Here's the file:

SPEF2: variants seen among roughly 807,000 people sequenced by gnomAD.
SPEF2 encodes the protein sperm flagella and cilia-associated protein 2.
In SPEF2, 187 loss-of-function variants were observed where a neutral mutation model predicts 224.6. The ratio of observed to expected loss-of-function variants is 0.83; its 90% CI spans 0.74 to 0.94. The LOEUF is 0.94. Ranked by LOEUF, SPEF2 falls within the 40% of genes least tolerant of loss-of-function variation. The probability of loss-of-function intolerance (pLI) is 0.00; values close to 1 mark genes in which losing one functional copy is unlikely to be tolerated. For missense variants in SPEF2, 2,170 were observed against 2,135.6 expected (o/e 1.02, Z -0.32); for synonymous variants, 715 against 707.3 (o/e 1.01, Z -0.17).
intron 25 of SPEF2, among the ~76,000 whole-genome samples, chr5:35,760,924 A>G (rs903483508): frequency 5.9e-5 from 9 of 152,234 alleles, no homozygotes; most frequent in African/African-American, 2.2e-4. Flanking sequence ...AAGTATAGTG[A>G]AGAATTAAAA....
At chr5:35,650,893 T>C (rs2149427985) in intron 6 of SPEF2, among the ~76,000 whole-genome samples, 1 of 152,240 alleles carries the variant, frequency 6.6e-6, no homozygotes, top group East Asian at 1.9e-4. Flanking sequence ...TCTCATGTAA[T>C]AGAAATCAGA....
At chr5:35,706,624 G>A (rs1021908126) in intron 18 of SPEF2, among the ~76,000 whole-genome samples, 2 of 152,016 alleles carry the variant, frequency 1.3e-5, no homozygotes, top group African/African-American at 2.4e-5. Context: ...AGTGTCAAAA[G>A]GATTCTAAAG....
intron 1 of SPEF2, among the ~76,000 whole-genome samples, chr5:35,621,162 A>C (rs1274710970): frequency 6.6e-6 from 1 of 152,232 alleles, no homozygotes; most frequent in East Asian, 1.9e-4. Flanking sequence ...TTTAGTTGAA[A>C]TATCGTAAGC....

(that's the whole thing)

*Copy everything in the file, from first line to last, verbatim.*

SPEF2: variants seen among roughly 807,000 people sequenced by gnomAD.
SPEF2 encodes the protein sperm flagella and cilia-associated protein 2.
In SPEF2, 187 loss-of-function variants were observed where a neutral mutation model predicts 224.6. The ratio of observed to expected loss-of-function variants is 0.83; its 90% CI spans 0.74 to 0.94. The LOEUF is 0.94. Ranked by LOEUF, SPEF2 falls within the 40% of genes least tolerant of loss-of-function variation. The probability of loss-of-function intolerance (pLI) is 0.00; values close to 1 mark genes in which losing one functional copy is unlikely to be tolerated. For missense variants in SPEF2, 2,170 were observed against 2,135.6 expected (o/e 1.02, Z -0.32); for synonymous variants, 715 against 707.3 (o/e 1.01, Z -0.17).
intron 25 of SPEF2, among the ~76,000 whole-genome samples, chr5:35,760,924 A>G (rs903483508): frequency 5.9e-5 from 9 of 152,234 alleles, no homozygotes; most frequent in African/African-American, 2.2e-4. Flanking sequence ...AAGTATAGTG[A>G]AGAATTAAAA....
At chr5:35,650,893 T>C (rs2149427985) in intron 6 of SPEF2, among the ~76,000 whole-genome samples, 1 of 152,240 alleles carries the variant, frequency 6.6e-6, no homozygotes, top group East Asian at 1.9e-4. Flanking sequence ...TCTCATGTAA[T>C]AGAAATCAGA....
At chr5:35,706,624 G>A (rs1021908126) in intron 18 of SPEF2, among the ~76,000 whole-genome samples, 2 of 152,016 alleles carry the variant, frequency 1.3e-5, no homozygotes, top group African/African-American at 2.4e-5. Context: ...AGTGTCAAAA[G>A]GATTCTAAAG....
intron 1 of SPEF2, among the ~76,000 whole-genome samples, chr5:35,621,162 A>C (rs1274710970): frequency 6.6e-6 from 1 of 152,232 alleles, no homozygotes; most frequent in East Asian, 1.9e-4. Flanking sequence ...TTTAGTTGAA[A>C]TATCGTAAGC....